Ghostface Killah turned 47 in 2017, but he is still one of hip-hop’s most vibrant talents. The Almighty GFK has been the most consistent wordsmith out of the Wu-Tang stable from the time he introduced himself to the rap world on “Da Mystery of Chessboxin.’” Tony Starks has been hitting us over the head with amazing verses and songs for nearly 25 years now; this decade alone has seen him drop collaboration albums with his Wu compatriots Method Man and Raekwon, his fellow New Yorker Sheek Louch, the Canadian jazz trio BADBADNOTGOOD, and Adrian Younge, twice.
Ghost followed up his verses on Wu-Tang’s Enter the Wu-Tang (36 Chambers) by co-hosting Raekwon’s Only Built 4 Cuban Linx before releasing his classic solo debut, Ironman, in 1996. He topped those classics with his critically-acclaimed masterpiece, Supreme Clientele, in 2000. Since then, he's released more solo albums all brimming with creativity.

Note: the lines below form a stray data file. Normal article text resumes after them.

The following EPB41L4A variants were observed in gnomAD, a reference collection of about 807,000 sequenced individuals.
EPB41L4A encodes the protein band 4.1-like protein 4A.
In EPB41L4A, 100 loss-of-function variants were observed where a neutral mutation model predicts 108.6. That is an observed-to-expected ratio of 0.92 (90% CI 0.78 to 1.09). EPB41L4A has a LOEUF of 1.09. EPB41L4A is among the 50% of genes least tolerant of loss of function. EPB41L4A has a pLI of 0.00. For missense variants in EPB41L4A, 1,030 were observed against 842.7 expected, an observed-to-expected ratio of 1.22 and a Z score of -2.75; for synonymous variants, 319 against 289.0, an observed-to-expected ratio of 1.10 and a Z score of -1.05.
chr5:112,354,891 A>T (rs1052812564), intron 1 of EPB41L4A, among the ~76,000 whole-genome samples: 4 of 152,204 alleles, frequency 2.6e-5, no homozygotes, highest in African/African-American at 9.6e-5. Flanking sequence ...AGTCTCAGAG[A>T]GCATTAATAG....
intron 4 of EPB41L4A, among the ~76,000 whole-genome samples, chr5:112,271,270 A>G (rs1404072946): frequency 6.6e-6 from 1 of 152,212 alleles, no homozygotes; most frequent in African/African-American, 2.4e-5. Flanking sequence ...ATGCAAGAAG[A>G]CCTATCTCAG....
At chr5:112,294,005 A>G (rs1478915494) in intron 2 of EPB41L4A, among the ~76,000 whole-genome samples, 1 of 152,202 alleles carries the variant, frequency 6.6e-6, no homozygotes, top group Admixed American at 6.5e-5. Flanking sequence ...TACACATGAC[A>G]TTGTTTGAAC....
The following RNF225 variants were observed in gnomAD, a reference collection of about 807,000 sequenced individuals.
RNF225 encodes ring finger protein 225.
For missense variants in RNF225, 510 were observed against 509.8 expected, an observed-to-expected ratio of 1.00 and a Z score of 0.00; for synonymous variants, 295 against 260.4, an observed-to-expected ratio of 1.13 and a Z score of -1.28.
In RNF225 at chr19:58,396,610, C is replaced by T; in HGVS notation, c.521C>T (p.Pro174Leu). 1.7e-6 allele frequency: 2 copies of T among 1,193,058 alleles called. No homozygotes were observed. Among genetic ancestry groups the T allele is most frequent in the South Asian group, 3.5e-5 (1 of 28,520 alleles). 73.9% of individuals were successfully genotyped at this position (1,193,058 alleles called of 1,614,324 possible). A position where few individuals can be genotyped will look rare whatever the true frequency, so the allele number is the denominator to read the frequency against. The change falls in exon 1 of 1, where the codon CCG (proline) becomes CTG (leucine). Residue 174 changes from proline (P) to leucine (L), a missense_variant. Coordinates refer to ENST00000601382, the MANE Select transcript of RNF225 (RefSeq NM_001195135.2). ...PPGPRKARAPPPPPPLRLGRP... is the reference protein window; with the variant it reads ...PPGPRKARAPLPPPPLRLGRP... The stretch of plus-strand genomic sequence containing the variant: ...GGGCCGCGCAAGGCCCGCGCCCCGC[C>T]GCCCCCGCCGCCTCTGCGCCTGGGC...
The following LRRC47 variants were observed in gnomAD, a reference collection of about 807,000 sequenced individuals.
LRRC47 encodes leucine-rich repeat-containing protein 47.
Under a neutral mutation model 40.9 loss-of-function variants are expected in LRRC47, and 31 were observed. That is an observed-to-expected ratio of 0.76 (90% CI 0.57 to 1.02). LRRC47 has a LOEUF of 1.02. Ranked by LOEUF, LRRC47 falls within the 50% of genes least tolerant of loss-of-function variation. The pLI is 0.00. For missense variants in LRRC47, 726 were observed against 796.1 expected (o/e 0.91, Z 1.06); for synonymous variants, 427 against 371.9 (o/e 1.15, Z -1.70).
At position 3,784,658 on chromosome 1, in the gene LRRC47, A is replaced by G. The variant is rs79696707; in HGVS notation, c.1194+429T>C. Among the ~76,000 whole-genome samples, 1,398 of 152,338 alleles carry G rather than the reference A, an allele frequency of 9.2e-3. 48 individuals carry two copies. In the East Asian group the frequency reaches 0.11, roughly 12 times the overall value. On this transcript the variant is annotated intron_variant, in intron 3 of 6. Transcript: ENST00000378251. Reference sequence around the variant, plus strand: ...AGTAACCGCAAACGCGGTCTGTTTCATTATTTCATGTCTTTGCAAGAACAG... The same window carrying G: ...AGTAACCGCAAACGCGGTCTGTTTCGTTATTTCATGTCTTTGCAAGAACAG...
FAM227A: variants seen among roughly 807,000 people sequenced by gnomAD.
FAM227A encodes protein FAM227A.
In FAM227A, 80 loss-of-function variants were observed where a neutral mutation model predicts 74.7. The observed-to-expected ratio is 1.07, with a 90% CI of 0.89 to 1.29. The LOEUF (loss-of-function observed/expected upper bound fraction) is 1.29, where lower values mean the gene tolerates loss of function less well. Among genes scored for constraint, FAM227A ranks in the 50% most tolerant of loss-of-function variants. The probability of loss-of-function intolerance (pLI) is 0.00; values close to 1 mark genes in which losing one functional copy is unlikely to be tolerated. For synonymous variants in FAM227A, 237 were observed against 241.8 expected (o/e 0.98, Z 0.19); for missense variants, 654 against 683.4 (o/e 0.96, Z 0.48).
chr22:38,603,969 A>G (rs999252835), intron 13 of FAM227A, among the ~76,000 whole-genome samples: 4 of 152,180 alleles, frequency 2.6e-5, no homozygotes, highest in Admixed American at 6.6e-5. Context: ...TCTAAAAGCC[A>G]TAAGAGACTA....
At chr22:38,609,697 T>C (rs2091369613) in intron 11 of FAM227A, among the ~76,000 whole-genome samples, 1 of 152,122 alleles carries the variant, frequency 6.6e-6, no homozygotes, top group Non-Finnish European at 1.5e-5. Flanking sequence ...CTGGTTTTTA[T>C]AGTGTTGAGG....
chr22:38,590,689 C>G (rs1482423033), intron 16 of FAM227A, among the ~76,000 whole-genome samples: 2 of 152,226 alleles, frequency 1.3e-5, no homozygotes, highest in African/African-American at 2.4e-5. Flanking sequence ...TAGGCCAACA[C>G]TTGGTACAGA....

The Shaolin native has been firmly placed in the pantheon of rap’s all time greats, especially when it comes to storytelling. Ghost has brought to life for us his childhood days on “All That I Got Is You,” failed attempts on his life on “The Hilton,” and wars waged with the DeLuca crime family on Twelve Reasons to Die.
The Wally Champ has one of the most charismatic personalities in rap history: He rocks robes with jeans and Timbs, has a Wonder Woman bracelet, dons gaudy necklaces and rings, and can give you advice on life (just listen to his MTV advice audiobook, “The World According to Pretty Toney,” and his “Wizdom of the Week” video series for proof).
On top of all that, his pen is masterful and his style is untouchable. When he’s not in storyteller mode, Tony spits with no rhyme or reason, often leaving the listener beguiled and confused—but that’s what makes him one of a kind. His raps is like ziti, and they can take you into another world. Come take this walk with us as we represent Wu and rank the 50 best Ghostface Killah songs.